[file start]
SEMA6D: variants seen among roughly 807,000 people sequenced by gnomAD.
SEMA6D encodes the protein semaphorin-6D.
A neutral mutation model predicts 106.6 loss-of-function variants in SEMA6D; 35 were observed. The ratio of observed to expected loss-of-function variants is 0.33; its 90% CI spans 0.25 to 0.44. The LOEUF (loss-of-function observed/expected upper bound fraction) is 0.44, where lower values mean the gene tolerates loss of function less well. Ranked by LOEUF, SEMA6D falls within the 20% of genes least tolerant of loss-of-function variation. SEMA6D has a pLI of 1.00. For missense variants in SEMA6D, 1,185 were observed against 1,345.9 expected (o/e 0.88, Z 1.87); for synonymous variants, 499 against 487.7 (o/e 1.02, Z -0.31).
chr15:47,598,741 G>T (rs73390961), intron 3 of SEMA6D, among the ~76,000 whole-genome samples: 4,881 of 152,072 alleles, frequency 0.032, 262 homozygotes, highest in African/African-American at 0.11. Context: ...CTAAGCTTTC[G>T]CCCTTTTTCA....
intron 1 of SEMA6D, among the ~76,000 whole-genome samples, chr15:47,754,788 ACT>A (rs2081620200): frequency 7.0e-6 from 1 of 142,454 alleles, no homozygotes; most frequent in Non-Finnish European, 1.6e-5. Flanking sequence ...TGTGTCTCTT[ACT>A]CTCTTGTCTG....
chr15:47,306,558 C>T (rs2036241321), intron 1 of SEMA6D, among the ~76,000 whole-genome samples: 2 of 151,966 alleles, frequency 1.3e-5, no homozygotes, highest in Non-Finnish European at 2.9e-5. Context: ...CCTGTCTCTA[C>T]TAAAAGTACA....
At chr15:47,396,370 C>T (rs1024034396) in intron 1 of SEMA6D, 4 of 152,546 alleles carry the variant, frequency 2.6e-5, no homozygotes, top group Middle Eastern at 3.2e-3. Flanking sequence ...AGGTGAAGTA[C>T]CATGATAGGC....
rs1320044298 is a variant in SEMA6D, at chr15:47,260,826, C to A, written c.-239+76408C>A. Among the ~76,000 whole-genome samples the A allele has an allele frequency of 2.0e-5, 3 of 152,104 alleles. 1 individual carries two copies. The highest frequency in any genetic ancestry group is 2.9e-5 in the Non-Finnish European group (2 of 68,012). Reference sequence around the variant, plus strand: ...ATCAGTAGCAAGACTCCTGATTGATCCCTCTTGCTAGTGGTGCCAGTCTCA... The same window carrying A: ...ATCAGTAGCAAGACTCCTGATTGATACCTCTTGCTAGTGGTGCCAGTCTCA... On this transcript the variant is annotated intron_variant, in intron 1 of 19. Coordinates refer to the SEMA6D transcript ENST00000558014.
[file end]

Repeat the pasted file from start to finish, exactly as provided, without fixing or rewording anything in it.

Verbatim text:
SEMA6D: variants seen among roughly 807,000 people sequenced by gnomAD.
SEMA6D encodes the protein semaphorin-6D.
A neutral mutation model predicts 106.6 loss-of-function variants in SEMA6D; 35 were observed. The ratio of observed to expected loss-of-function variants is 0.33; its 90% CI spans 0.25 to 0.44. The LOEUF (loss-of-function observed/expected upper bound fraction) is 0.44, where lower values mean the gene tolerates loss of function less well. Ranked by LOEUF, SEMA6D falls within the 20% of genes least tolerant of loss-of-function variation. SEMA6D has a pLI of 1.00. For missense variants in SEMA6D, 1,185 were observed against 1,345.9 expected (o/e 0.88, Z 1.87); for synonymous variants, 499 against 487.7 (o/e 1.02, Z -0.31).
chr15:47,598,741 G>T (rs73390961), intron 3 of SEMA6D, among the ~76,000 whole-genome samples: 4,881 of 152,072 alleles, frequency 0.032, 262 homozygotes, highest in African/African-American at 0.11. Context: ...CTAAGCTTTC[G>T]CCCTTTTTCA....
intron 1 of SEMA6D, among the ~76,000 whole-genome samples, chr15:47,754,788 ACT>A (rs2081620200): frequency 7.0e-6 from 1 of 142,454 alleles, no homozygotes; most frequent in Non-Finnish European, 1.6e-5. Flanking sequence ...TGTGTCTCTT[ACT>A]CTCTTGTCTG....
chr15:47,306,558 C>T (rs2036241321), intron 1 of SEMA6D, among the ~76,000 whole-genome samples: 2 of 151,966 alleles, frequency 1.3e-5, no homozygotes, highest in Non-Finnish European at 2.9e-5. Context: ...CCTGTCTCTA[C>T]TAAAAGTACA....
At chr15:47,396,370 C>T (rs1024034396) in intron 1 of SEMA6D, 4 of 152,546 alleles carry the variant, frequency 2.6e-5, no homozygotes, top group Middle Eastern at 3.2e-3. Flanking sequence ...AGGTGAAGTA[C>T]CATGATAGGC....
rs1320044298 is a variant in SEMA6D, at chr15:47,260,826, C to A, written c.-239+76408C>A. Among the ~76,000 whole-genome samples the A allele has an allele frequency of 2.0e-5, 3 of 152,104 alleles. 1 individual carries two copies. The highest frequency in any genetic ancestry group is 2.9e-5 in the Non-Finnish European group (2 of 68,012). Reference sequence around the variant, plus strand: ...ATCAGTAGCAAGACTCCTGATTGATCCCTCTTGCTAGTGGTGCCAGTCTCA... The same window carrying A: ...ATCAGTAGCAAGACTCCTGATTGATACCTCTTGCTAGTGGTGCCAGTCTCA... On this transcript the variant is annotated intron_variant, in intron 1 of 19. Coordinates refer to the SEMA6D transcript ENST00000558014.